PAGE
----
Postpartum contraception

Int J Gynaecol Obstet. 1981 Aug;19(4):305-11. doi: 10.1016/0020-7292(81)90080-1.


Recently-delivered women who wish to avoid pregnancy should initiate contraception before ovulation. Since the return of ovulation is not predictable, regardless of the woman's lactation status and duration of postpartum amenorrhea, contraception should be initiated as soon as is reasonable after delivery. The choice of contraceptive method will depend on several factors, including: the woman's lactation status, the preference of the woman and her partner, and the health status of the newborns. For women who do not wish to have additional children, tubal sterilization through a minilaparotomy incision is the procedure of choice. For other women who are not lactating, all methods, with the exception of the use of cervical caps and diaphragms, may be initiated immediately after delivery. However, preference should be given to IUD use by lactating and non-lactating woman, especially for women who may not return for any additional postpartum care.

PIP: How soon contraception should be initiated in postpartum women is a problem faced by many in postpartum family planning programs. Several factors need to be considered: 1) the woman's lactation status; 2) accessibility to contraceptive services after leaving the hospital; and 3) safety of postpartum contraceptives. Lactation delays the return of menstruation and ovulation and has a contraceptive effect. However, it is not a perfect contraceptive and 3 to 10% of lactating women have been known to become pregnant before resumption of menstruation. It is recommended that contraception be initiated in lactating women no later than 6 weeks after delivery. Immediate postpartum contraception is not a necessity in many women in the U.S. as they are able to return to the clinic for their 6 week postpartum visit. In countries with limited medical resources however, immediate postpartum contraception is a necessity for demographic impact and reduction of incidence of future high-risk pregnancy and associated higher perinatal and infant mortality. The choice of contraceptive methods will depend on the woman's lactation status, the preference of the woman and her partner, and the health status of newborns. Tubal sterilization via minilaparotomy incision is the method of choice for those who have completed their family size. All methods, except cervical caps and diaphragms can be initiated immediately after delivery for nonlactating women, while IUD use is preferred for lactating and nonlactating women who may not return for additional postpartum care. The risks and benefits of various contraceptives (oral contraceptives, injectable contraceptives, IUD, and sterilization procedures) are also discussed.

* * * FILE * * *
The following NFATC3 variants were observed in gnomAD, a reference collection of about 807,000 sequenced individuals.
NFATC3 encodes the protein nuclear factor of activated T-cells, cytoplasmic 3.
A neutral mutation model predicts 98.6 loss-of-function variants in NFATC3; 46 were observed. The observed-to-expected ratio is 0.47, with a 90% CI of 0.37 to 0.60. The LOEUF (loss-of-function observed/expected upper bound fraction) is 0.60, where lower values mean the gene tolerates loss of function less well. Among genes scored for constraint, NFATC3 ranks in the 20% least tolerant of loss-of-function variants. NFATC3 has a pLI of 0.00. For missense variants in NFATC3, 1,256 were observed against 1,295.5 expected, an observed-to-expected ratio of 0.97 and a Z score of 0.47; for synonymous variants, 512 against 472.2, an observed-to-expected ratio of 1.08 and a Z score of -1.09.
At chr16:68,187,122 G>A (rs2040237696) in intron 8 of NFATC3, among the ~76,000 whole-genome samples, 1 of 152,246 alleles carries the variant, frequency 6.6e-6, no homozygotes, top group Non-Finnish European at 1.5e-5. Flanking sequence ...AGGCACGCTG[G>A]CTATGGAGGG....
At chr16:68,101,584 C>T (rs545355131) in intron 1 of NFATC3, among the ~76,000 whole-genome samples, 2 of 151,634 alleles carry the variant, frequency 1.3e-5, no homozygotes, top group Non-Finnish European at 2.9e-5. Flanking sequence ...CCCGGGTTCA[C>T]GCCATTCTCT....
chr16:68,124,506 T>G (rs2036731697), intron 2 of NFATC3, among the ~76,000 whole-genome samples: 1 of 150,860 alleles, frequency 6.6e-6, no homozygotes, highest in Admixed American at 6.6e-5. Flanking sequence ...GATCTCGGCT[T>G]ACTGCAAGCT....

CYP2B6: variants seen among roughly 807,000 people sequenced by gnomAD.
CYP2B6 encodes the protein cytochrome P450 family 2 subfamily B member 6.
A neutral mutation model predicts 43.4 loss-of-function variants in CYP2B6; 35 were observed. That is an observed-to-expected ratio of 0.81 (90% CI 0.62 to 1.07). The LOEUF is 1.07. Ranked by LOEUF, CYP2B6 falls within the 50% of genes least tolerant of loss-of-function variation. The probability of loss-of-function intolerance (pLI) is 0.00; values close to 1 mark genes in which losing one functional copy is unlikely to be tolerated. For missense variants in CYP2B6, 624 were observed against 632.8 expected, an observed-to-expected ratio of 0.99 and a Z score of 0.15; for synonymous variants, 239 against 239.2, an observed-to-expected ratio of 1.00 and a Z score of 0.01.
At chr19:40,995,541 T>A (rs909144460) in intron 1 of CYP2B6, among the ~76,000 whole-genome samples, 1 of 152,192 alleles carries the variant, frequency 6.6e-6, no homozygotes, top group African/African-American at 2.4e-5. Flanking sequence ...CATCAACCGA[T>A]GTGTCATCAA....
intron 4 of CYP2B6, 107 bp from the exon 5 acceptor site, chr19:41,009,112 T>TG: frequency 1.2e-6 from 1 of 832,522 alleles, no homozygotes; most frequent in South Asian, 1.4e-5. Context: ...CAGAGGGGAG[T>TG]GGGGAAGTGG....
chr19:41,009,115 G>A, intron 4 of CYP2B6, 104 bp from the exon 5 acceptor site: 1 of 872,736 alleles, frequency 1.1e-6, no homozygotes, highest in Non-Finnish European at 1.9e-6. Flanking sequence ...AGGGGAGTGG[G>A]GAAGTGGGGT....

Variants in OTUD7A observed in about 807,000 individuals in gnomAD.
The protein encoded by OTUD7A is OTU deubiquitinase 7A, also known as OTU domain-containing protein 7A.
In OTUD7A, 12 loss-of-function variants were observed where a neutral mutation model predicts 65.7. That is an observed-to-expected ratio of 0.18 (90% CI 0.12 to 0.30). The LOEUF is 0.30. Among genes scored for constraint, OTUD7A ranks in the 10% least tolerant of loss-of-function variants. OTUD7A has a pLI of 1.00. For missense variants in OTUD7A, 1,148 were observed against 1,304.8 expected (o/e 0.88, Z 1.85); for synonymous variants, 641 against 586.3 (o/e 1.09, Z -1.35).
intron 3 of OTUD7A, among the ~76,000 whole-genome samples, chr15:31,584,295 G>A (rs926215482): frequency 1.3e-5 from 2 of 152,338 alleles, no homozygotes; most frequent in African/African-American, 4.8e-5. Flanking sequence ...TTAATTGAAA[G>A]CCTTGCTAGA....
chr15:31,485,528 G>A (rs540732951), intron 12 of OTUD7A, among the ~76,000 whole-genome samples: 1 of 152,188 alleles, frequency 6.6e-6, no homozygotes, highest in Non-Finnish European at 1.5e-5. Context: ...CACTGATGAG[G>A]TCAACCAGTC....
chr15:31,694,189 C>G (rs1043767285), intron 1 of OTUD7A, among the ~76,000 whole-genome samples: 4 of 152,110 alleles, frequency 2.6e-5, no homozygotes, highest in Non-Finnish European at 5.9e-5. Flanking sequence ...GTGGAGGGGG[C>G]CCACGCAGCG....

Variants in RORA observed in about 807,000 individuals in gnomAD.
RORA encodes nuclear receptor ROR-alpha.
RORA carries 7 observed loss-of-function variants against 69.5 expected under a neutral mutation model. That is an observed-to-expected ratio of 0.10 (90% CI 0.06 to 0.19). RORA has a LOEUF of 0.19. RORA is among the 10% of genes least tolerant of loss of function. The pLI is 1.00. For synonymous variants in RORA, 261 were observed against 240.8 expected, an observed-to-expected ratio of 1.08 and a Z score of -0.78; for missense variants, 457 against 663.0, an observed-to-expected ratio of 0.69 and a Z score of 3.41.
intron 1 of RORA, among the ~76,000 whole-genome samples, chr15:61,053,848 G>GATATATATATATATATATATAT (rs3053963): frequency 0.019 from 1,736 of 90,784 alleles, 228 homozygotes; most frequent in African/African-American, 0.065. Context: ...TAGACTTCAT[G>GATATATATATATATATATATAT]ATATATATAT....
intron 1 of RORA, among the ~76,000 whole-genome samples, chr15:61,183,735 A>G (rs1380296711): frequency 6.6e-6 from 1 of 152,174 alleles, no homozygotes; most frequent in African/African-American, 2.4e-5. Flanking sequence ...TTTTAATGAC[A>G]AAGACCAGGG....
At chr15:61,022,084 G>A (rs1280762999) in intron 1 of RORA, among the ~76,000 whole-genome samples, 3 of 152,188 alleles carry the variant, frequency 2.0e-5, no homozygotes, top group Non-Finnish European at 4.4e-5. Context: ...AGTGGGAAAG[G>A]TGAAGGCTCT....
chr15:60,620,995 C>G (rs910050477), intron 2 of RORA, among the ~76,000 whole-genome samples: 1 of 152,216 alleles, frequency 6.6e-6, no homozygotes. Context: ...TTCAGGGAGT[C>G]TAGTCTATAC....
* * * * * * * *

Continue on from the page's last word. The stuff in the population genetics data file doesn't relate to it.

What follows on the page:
Publication types

  • Research Support, Non-U.S. Gov't

MeSH terms

  • Contraception / methods*
  • Contraceptive Agents / administration & dosage
  • Contraceptive Devices
  • Contraceptives, Oral
  • Female
  • Humans
  • Intrauterine Device Expulsion
  • Intrauterine Devices / adverse effects
  • Male
  • Postpartum Period*
  • Pregnancy
  • Risk
  • Sterilization, Reproductive


  • Contraceptive Agents
  • Contraceptives, Oral